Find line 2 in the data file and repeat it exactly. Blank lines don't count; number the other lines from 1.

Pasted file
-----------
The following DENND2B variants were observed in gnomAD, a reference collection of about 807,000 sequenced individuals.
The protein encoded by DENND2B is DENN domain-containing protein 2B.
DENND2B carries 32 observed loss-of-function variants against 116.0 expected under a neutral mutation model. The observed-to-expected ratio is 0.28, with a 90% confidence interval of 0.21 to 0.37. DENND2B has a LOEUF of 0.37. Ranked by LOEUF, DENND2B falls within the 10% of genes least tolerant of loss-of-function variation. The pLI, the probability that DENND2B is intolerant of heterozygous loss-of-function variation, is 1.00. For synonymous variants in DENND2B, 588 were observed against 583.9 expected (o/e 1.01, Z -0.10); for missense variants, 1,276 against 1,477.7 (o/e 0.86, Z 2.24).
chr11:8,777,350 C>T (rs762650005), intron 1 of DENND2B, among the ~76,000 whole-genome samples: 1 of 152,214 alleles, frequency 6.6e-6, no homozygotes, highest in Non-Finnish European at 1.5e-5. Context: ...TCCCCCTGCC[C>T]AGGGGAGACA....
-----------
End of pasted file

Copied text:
The protein encoded by DENND2B is DENN domain-containing protein 2B.